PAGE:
While Boston’s do well with cats, I always recommend having a safe place for your kitty. This means having an area of the home only your cat can access. As long as your cat can run away from your Boston, you will never have a situation where your cat feels threatened by being trapped.

Are Boston Terriers Hypoallergenic?

The short answer is No. Boston Terriers are not hypoallergenic dogs. While they do shed less than other dog breeds, they can still cause issues to someone who has allergies to dog dander. 

However, here are some steps you can take to make your home more friendly to people who suffer from dog allergies if you do get a Boston Terrier. These are the steps Emily and I take if our brother in law comes over, he has a terrible allergy to dog dander. 

Steps To Help With Your Boston’s Dander

Step I

Wash your Boston weekly. This will help get the dead skin off their body and lessen the amount of dander spread around the home. 

Step II

Buy a Roomba or other robot vacuum. These work great because you can have them vacuum every day or multiple times a day, sucking up pet dander throughout the house. Check out my video covering mine and Emily’s robot vacuum.

Step III

Keep your Boston off the couch! Or buy them a sofa only your Boston can get on. This way, when the person who suffers from dog allergies comes into your home, there will be relatively little to no pet dander on the place they will sit.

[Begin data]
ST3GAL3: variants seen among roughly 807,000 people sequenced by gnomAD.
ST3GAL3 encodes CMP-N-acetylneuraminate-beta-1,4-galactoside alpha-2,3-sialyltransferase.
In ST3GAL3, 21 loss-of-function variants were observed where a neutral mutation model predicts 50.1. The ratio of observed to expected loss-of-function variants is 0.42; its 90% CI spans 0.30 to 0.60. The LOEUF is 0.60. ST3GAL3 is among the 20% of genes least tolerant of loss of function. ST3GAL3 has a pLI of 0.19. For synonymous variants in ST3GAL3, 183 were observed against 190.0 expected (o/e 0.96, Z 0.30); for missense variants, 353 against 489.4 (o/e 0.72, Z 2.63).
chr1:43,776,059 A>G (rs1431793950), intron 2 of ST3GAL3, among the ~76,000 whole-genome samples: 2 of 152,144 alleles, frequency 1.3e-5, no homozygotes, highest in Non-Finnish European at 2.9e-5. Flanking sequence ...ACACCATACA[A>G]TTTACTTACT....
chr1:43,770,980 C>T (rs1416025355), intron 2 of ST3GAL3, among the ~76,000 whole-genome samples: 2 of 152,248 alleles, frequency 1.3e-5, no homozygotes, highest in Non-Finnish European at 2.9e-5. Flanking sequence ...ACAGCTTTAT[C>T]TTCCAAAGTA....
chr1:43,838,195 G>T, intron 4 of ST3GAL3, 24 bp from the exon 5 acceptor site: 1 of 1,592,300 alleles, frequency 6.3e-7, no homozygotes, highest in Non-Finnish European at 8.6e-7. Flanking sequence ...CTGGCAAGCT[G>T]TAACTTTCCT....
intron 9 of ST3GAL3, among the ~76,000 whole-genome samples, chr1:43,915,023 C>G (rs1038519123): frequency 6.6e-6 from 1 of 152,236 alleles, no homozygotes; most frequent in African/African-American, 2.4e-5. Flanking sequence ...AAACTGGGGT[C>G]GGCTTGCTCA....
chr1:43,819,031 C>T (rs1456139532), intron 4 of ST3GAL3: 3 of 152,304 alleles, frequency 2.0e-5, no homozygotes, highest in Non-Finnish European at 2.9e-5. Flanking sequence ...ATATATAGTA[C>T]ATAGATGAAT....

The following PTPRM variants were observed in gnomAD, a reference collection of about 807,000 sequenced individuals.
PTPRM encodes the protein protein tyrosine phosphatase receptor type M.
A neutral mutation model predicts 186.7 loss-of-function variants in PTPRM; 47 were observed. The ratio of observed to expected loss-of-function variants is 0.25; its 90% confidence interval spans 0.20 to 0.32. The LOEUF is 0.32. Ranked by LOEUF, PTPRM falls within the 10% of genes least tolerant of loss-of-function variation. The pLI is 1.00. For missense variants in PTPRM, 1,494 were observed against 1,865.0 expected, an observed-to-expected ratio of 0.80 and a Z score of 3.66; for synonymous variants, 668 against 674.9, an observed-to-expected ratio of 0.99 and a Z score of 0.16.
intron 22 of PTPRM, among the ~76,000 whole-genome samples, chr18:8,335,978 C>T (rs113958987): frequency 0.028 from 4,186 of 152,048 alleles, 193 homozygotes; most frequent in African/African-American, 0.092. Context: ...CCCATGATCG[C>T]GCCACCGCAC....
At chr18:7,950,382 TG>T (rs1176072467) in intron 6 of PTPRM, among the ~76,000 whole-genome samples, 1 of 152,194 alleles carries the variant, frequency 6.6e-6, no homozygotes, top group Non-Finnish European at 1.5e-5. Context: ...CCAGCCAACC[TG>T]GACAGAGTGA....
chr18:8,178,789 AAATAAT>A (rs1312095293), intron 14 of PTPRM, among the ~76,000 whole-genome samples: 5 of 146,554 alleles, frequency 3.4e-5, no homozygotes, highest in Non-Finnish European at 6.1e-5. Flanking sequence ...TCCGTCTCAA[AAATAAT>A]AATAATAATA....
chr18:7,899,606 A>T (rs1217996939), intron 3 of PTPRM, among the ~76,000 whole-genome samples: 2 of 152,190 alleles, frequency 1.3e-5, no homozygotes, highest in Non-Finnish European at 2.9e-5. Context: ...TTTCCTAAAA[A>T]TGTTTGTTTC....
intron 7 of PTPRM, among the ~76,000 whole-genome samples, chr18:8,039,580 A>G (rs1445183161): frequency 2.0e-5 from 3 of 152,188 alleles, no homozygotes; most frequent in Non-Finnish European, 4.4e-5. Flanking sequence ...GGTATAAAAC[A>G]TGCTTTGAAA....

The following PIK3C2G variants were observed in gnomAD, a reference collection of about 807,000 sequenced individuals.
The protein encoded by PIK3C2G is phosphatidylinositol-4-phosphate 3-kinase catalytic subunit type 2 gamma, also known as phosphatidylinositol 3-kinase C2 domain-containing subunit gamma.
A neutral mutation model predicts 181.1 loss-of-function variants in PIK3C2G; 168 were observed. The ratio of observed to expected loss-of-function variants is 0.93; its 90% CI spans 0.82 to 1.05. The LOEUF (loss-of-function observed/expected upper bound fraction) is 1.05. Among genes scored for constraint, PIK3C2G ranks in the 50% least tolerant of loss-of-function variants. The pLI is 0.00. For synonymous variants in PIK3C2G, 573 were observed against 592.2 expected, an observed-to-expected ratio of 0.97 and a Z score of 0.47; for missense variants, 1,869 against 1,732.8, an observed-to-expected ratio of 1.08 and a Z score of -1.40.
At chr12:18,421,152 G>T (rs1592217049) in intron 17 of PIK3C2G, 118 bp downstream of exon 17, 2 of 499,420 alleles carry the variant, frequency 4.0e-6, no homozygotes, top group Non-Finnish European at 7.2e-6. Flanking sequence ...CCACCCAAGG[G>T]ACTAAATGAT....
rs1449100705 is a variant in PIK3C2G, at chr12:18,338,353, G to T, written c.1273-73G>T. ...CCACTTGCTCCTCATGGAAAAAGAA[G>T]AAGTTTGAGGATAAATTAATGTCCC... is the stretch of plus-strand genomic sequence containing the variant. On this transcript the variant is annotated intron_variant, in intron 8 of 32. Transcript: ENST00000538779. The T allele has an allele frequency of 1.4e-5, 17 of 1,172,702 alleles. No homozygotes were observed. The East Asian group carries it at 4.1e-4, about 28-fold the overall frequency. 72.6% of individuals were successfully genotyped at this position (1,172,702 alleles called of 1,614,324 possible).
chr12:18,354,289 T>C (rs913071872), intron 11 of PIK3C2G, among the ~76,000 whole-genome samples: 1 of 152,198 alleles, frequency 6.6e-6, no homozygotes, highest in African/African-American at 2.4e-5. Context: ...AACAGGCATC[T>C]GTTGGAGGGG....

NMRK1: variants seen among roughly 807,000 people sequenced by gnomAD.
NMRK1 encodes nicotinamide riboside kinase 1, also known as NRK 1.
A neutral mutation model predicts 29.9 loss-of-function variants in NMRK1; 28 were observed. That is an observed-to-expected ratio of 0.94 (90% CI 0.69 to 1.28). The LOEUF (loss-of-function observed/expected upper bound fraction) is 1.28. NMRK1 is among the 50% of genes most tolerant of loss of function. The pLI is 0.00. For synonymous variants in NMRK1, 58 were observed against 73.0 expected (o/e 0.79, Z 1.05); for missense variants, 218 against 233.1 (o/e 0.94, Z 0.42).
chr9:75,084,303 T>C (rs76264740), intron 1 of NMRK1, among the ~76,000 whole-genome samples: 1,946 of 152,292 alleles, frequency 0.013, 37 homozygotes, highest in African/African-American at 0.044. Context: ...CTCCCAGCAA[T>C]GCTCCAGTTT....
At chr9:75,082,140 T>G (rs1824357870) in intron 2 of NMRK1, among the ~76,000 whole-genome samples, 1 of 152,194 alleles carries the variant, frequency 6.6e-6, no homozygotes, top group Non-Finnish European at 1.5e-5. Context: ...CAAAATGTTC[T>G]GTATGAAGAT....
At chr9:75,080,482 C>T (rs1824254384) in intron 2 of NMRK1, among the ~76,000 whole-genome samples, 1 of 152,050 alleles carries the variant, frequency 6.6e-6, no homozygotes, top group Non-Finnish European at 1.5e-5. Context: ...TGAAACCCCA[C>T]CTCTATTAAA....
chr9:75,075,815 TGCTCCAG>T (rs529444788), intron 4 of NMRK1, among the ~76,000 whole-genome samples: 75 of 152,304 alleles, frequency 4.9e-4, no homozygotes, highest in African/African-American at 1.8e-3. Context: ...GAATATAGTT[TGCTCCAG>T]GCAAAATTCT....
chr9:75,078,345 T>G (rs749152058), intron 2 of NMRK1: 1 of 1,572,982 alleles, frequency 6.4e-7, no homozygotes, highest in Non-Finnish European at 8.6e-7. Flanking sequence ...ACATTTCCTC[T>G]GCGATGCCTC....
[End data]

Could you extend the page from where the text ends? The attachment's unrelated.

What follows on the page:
Step IV

Wipe down everything in your house. Merely dusting and wiping off your surfaces will help remove pet dander that has settled on the surface after flying through the air.

Following the above steps will not eliminate the allergen in your house completely. However, it can help provide a somewhat comfortable environment for someone who suffers from an allergy to dogs.

Should You Get A Boston Terrier? What You Need To Know
What did you decide? Are you going to get a Boston Terrier?

Final Thoughts…

All in all, Boston Terriers are great dogs if you are looking for a pet who will be by your side daily and only needs to walk for their daily exercise. Boston’s are also great for a family of one to a family of six. These sturdy little dogs are small enough to be great cuddlers but durable enough not to be injured by little kids running around.

However, if you are looking for a dog to go on runs with or one that can stay outside a Boston Terrier is not for you. I hope this article has helped you make the right decision.

Want To Learn More?

If you want to learn more about Boston Terriers, I recommend you read this article that I wrote. This article covers everything about Boston Terriers from their origins to personality to much more; The Boston Terrier Complete Breed Profile.

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Donnie Gardner

Donnie Gardner is the owner of the Boston Terrier Society. He has been raising Bella the Boston since 2010. He resides in Kansas with his wife, daughter, and Bella. His favorite activities are hanging out with family, traveling, running (but has bad knees), and reading non-fiction books.